With the recap out of the way, what has actually changed in the PS4 version of FFX/X-2 HD Remaster? Honestly, not much. Everything that was included in last year’s PS3/Vita release is still here: International Version content (including the Dark Aeons and Expert Sphere Grid for FFX, Creature Collector and new Dresspheres for FFX-2), Eternal Calm short video, Last Mission side game, and an end-credits audio drama that continues the story. It certainly looks sharper, particularly when it comes to NPC models, and background environments have received a touch-up, although you’d probably need a side-by-side comparison to notice any major differences. Load times are noticeably faster, which is a plus. The biggest selling point of this new HD Remaster is the ability to toggle between the remastered musical score and the original one. I quite enjoyed the remastered music once I got used to it, but some tracks do suffer from a bit of over-instrumentation, so having the option to switch back to the original music is a welcome one.

Unfortunately, not everything is perfect. Cutscenes in FFX are still unskippable, which seems like a missed opportunity since some scenes run long. X-2 doesn’t have any remastered music, for better or for worse. What may be a real deal-breaker for some is that there are some technical issues related to random battles that weren’t present in last year’s PS3/Vita version. Enemy formations, loot drops, and other minutiae of random battles are no longer, well, random. I reset my game a few times to confirm this, and found battles playing out exactly the same way every time- same enemies, same loot, and same amount of damage taken.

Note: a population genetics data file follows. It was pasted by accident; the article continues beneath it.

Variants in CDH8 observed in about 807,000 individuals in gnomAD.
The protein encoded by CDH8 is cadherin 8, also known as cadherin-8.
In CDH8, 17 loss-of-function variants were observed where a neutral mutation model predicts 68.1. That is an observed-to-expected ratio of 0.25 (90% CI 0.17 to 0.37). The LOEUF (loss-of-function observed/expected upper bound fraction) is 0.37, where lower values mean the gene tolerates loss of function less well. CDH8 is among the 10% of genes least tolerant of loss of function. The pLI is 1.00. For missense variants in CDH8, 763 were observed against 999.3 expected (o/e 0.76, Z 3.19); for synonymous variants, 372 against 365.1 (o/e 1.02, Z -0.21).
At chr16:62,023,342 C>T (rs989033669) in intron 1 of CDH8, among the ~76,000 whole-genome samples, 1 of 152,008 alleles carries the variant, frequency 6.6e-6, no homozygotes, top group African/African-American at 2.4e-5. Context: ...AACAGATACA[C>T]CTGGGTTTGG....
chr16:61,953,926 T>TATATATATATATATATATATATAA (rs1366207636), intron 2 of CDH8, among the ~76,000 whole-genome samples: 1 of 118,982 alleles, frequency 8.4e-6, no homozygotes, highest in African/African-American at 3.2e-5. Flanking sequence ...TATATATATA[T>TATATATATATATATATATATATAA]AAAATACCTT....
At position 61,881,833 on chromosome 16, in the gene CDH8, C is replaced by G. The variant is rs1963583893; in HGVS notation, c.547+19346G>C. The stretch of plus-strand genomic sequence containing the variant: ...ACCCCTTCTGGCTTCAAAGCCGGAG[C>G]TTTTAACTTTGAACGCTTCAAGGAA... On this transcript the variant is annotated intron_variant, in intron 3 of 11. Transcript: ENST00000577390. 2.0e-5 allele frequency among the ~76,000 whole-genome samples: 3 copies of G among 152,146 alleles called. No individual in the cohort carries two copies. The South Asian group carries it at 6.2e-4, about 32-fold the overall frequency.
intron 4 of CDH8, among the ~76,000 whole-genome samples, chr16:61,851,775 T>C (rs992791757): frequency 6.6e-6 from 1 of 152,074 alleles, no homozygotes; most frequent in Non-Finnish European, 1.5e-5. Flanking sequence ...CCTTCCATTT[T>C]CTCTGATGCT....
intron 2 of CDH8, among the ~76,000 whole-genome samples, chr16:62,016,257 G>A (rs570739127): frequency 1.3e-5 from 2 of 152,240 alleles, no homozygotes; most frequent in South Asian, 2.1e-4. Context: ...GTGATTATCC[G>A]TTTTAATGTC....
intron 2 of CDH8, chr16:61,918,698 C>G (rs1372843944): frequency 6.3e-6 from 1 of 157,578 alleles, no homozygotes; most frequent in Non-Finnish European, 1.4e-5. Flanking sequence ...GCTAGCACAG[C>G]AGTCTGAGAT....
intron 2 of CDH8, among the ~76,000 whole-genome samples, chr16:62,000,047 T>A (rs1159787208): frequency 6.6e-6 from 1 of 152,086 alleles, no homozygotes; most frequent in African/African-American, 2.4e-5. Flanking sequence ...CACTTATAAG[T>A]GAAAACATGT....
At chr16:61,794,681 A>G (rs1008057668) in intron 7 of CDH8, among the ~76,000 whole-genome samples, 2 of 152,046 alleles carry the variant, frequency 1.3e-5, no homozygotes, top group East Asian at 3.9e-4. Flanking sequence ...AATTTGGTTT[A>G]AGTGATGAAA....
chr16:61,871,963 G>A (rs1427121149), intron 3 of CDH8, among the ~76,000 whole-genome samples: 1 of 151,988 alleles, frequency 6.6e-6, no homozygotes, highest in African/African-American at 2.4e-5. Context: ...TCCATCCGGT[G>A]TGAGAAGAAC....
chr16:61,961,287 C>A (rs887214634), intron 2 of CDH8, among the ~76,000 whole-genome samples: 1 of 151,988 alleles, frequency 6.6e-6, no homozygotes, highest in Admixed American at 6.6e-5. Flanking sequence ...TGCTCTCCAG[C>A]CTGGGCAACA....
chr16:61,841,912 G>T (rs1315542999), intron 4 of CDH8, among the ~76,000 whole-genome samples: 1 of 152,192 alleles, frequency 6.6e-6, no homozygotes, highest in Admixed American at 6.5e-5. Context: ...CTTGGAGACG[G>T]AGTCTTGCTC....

For comparison’s sake, I tried the same thing with my PS3 copy of the game and found no such repetitiveness. I don’t know if the RNG change is a bug or an intentional choice on Square Enix’s part (which would be even more baffling), but for players looking to farm specific items or battle certain enemies, this could potentially damage the experience for them. This apparent bug also affects the music, as the audio track will restart after each battle instead of continuing from where it left off, as in previous versions. None of these problems appear to be present in FFX-2, however, just FFX.

It’s a real shame, because if it wasn’t for these issues, the PS4 version of Final Fantasy X / X-2 HD Remaster would undoubtedly be the definitive version. As it stands, we can only hope that Square Enix takes note of this and release a patch. The presence of these issues, while not game-breaking, is bothersome. The two games included are still great, but at the end of the day, I find it difficult to recommend the PS4 version over the much cheaper PS3/Vita versions.


These games have never looked better, you can toggle between the original and remastered soundtrack.


Weird technical issues with random battles and audio that weren't present in last year's release. Other than that, not much has changed.

Bottom Line

Still two great games, but the PS3 version is $30 cheaper.

Overall Score 84
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Peter Triezenberg

Peter Triezenberg

Peter is a reviews editor for RPGFan, and quite possibly the spooniest bard you'll ever meet. He's also the site's resident Kingdom Hearts fan, Final Fantasy XV apologist, and Yu-Gi-Oh! enthusiast. In between playing video games or writing news, he can usually be found drinking unsafe amounts of caffeinated beverages. He also really likes cats.